This is a photo I took in 2012 on top of Rockefeller Center in Manhattan. I was preparing to retire in 2013 and I wanted a photo of the city. The large green patch in the middle of the photo is Central Park. This is where I would ride my bike from Harlem New York. I took walks through the park on hot summer day. You can’t see it in the photo but at the very end of Central Park is where Harlem begins. West 110th Street on the left and East 110th Street on the right. New York City, in every nook and cranny of it, had its own vibe. Even while the blatant gentrification was progressing New York City still had its grit and grime. Standing on the top deck of Rockefeller Center and down on New York City was my way of saying goodbye.
I don’t miss the crowded streets of New York City or do I? Sometimes I would feel so small walking among the tall buildings in the city. The city is congested with buildings and traffic and people. In the summer time New York City would be a tourists playground. I use to follow the tours along 42nd Street watching to see what kind of camera the tourists used, they always had the best cameras. I ended up being a fan of Sony and Canon.
Below is a writeup of the art installation of “The Gates” in Central Park. Some people liked it others didn’t. I found it interesting and was amazed anyone could install such a huge art exhibit in a public space like Central Park.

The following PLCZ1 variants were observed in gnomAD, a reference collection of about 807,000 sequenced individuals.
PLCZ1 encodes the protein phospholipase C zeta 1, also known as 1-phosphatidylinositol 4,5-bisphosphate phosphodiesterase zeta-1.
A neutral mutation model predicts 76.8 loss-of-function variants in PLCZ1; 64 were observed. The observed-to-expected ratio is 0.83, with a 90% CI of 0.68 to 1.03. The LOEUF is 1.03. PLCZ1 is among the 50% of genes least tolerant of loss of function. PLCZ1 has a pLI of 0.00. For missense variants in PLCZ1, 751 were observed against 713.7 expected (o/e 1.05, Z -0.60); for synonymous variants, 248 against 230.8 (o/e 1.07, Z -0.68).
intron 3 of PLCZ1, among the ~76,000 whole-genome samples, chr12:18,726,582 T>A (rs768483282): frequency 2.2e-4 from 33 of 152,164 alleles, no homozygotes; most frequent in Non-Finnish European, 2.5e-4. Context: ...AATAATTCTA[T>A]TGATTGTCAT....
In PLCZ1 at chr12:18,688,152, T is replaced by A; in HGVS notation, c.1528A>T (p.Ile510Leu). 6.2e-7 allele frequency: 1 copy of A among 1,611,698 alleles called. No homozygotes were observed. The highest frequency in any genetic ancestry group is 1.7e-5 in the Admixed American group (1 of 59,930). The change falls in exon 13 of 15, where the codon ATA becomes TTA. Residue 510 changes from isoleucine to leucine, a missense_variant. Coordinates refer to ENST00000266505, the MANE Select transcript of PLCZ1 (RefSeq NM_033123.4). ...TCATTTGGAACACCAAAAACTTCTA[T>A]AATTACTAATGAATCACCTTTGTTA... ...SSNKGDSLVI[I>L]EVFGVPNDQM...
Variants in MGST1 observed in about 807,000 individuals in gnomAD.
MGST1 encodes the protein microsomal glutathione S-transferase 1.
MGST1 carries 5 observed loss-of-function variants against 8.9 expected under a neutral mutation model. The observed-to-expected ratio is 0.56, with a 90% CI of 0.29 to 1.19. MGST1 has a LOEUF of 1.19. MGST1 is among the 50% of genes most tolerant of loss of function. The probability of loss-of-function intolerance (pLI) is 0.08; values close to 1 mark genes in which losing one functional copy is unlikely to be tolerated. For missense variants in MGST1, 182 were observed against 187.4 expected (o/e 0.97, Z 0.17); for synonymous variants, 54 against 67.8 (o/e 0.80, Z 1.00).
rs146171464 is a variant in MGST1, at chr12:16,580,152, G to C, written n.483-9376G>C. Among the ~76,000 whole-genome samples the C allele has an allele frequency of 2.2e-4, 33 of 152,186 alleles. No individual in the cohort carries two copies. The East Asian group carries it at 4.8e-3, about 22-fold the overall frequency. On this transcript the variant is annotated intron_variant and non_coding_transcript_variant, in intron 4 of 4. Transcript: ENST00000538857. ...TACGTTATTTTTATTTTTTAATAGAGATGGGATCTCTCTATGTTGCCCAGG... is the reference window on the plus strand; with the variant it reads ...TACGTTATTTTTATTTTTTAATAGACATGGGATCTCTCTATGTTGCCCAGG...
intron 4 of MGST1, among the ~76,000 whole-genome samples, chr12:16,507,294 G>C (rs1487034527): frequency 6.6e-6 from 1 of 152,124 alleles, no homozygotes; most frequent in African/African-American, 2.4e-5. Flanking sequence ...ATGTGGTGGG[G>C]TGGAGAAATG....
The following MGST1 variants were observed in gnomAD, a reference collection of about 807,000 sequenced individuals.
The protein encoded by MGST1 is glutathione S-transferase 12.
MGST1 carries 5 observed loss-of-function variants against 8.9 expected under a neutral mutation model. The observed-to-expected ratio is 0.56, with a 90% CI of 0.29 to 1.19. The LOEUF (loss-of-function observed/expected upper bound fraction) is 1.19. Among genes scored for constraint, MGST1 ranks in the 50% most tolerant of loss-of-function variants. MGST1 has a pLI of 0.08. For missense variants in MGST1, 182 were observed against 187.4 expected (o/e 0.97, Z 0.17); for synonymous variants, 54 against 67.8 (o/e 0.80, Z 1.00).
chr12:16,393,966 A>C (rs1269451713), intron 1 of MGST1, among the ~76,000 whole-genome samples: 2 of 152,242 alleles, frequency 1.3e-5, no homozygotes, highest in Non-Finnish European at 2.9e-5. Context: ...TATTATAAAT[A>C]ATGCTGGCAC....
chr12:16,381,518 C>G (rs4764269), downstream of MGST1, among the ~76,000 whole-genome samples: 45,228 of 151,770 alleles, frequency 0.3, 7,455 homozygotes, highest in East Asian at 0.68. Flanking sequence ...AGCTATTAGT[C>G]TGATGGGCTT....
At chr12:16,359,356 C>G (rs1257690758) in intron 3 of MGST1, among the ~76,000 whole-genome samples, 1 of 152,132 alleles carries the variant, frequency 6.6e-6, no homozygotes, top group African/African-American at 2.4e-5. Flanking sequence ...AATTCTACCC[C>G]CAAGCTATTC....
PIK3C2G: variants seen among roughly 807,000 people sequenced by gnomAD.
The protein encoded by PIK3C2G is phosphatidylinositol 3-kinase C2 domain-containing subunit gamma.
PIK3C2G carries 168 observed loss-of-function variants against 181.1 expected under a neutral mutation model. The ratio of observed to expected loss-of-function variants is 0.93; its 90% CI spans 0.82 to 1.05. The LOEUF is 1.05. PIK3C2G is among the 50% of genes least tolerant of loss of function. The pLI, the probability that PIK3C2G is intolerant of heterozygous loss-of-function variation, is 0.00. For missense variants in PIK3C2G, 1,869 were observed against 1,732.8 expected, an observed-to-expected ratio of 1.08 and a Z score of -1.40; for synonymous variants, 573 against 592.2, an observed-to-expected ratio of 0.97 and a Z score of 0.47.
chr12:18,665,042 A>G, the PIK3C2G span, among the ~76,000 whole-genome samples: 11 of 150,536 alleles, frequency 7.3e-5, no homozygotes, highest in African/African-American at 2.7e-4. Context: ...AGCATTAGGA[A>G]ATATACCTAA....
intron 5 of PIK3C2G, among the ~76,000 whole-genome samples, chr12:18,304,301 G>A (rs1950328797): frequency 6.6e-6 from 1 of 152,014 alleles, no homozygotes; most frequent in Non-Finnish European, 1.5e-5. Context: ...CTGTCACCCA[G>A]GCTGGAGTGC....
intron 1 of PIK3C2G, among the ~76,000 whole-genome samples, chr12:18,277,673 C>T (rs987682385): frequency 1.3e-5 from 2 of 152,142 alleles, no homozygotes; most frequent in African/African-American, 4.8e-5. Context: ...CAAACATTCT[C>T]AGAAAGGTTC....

“The Gates were a group of gates comprising a site-specific work of art by Bulgarian artist Christo Yavacheff and French artist Jeanne-Claude, known jointly as Christo and Jeanne-Claude. The artists installed 7,503 vinyl “gates” along 23 miles of pathways in Central Park in New York City. … From each gate hung a panel of deep saffron-colored nylon fabric.”
One day back in the 200’s when I was still a union activist I went to a Lesbian and Gay Activist luncheon in downtown Manhattan. The luncheon was on the 35th floor of a building. The photo above I took from the hallway window once I stepped off the elevator. You are looking at the Brooklyn and Manhattan Bridges. The Brooklyn Bridge I would walk in the summer time when I worked in downtown Manhattan at the Municipal Building and lived in Brooklyn. The Manhattan Bridge I would drive across when I lived in Harlem and worked in Long Island City Queens.
Some of these stories might end up in my memoir “Baby, You Have To Go Beyond The Block: Advice My Mother Gave Me While Growing Up In Brooklyn.” Right now I’m just writing and reminiscing at the same time. I do know I will add photos to my book since images are good source of storytelling.